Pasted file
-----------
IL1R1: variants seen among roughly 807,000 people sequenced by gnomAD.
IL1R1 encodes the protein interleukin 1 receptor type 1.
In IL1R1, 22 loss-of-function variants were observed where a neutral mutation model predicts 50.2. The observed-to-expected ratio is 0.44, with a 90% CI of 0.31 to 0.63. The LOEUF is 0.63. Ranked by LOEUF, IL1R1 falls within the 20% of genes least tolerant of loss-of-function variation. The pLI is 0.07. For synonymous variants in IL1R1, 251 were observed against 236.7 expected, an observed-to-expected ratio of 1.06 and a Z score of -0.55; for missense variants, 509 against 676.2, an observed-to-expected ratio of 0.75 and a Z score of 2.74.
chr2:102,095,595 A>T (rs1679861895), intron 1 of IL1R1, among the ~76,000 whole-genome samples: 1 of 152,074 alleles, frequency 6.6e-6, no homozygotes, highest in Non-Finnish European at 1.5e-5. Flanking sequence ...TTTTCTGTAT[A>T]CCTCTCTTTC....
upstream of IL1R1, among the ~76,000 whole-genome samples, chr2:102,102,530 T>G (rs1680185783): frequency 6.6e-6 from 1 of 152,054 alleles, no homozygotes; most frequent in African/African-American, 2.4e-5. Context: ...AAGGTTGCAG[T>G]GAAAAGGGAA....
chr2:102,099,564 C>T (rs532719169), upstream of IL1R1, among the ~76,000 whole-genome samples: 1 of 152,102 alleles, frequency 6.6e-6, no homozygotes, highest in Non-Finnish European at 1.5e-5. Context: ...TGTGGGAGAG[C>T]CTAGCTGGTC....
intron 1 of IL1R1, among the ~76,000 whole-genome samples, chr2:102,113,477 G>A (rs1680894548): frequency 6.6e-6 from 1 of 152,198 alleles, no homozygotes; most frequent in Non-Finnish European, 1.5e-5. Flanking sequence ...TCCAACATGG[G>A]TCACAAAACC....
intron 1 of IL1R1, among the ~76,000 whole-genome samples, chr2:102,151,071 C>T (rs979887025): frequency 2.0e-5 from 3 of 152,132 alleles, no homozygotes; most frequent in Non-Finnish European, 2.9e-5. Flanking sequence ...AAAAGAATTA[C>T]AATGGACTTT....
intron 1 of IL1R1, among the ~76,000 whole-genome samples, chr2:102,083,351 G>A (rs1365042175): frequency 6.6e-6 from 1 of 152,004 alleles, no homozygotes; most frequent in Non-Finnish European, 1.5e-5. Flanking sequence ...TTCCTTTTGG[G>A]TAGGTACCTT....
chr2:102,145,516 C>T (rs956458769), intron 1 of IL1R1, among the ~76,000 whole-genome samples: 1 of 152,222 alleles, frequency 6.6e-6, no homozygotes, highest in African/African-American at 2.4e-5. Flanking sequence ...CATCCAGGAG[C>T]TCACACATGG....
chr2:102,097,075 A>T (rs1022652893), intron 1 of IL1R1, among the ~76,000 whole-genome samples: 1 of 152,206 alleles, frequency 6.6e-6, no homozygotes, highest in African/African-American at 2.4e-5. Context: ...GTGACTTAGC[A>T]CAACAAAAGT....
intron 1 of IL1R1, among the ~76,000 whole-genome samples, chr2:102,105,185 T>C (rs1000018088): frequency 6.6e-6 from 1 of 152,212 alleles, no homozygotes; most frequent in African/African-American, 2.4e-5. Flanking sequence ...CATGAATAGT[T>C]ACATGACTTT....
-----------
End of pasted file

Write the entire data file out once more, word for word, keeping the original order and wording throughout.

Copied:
IL1R1: variants seen among roughly 807,000 people sequenced by gnomAD.
IL1R1 encodes the protein interleukin 1 receptor type 1.
In IL1R1, 22 loss-of-function variants were observed where a neutral mutation model predicts 50.2. The observed-to-expected ratio is 0.44, with a 90% CI of 0.31 to 0.63. The LOEUF is 0.63. Ranked by LOEUF, IL1R1 falls within the 20% of genes least tolerant of loss-of-function variation. The pLI is 0.07. For synonymous variants in IL1R1, 251 were observed against 236.7 expected, an observed-to-expected ratio of 1.06 and a Z score of -0.55; for missense variants, 509 against 676.2, an observed-to-expected ratio of 0.75 and a Z score of 2.74.
chr2:102,095,595 A>T (rs1679861895), intron 1 of IL1R1, among the ~76,000 whole-genome samples: 1 of 152,074 alleles, frequency 6.6e-6, no homozygotes, highest in Non-Finnish European at 1.5e-5. Flanking sequence ...TTTTCTGTAT[A>T]CCTCTCTTTC....
upstream of IL1R1, among the ~76,000 whole-genome samples, chr2:102,102,530 T>G (rs1680185783): frequency 6.6e-6 from 1 of 152,054 alleles, no homozygotes; most frequent in African/African-American, 2.4e-5. Context: ...AAGGTTGCAG[T>G]GAAAAGGGAA....
chr2:102,099,564 C>T (rs532719169), upstream of IL1R1, among the ~76,000 whole-genome samples: 1 of 152,102 alleles, frequency 6.6e-6, no homozygotes, highest in Non-Finnish European at 1.5e-5. Context: ...TGTGGGAGAG[C>T]CTAGCTGGTC....
intron 1 of IL1R1, among the ~76,000 whole-genome samples, chr2:102,113,477 G>A (rs1680894548): frequency 6.6e-6 from 1 of 152,198 alleles, no homozygotes; most frequent in Non-Finnish European, 1.5e-5. Flanking sequence ...TCCAACATGG[G>A]TCACAAAACC....
intron 1 of IL1R1, among the ~76,000 whole-genome samples, chr2:102,151,071 C>T (rs979887025): frequency 2.0e-5 from 3 of 152,132 alleles, no homozygotes; most frequent in Non-Finnish European, 2.9e-5. Flanking sequence ...AAAAGAATTA[C>T]AATGGACTTT....
intron 1 of IL1R1, among the ~76,000 whole-genome samples, chr2:102,083,351 G>A (rs1365042175): frequency 6.6e-6 from 1 of 152,004 alleles, no homozygotes; most frequent in Non-Finnish European, 1.5e-5. Flanking sequence ...TTCCTTTTGG[G>A]TAGGTACCTT....
chr2:102,145,516 C>T (rs956458769), intron 1 of IL1R1, among the ~76,000 whole-genome samples: 1 of 152,222 alleles, frequency 6.6e-6, no homozygotes, highest in African/African-American at 2.4e-5. Flanking sequence ...CATCCAGGAG[C>T]TCACACATGG....
chr2:102,097,075 A>T (rs1022652893), intron 1 of IL1R1, among the ~76,000 whole-genome samples: 1 of 152,206 alleles, frequency 6.6e-6, no homozygotes, highest in African/African-American at 2.4e-5. Context: ...GTGACTTAGC[A>T]CAACAAAAGT....
intron 1 of IL1R1, among the ~76,000 whole-genome samples, chr2:102,105,185 T>C (rs1000018088): frequency 6.6e-6 from 1 of 152,212 alleles, no homozygotes; most frequent in African/African-American, 2.4e-5. Flanking sequence ...CATGAATAGT[T>C]ACATGACTTT....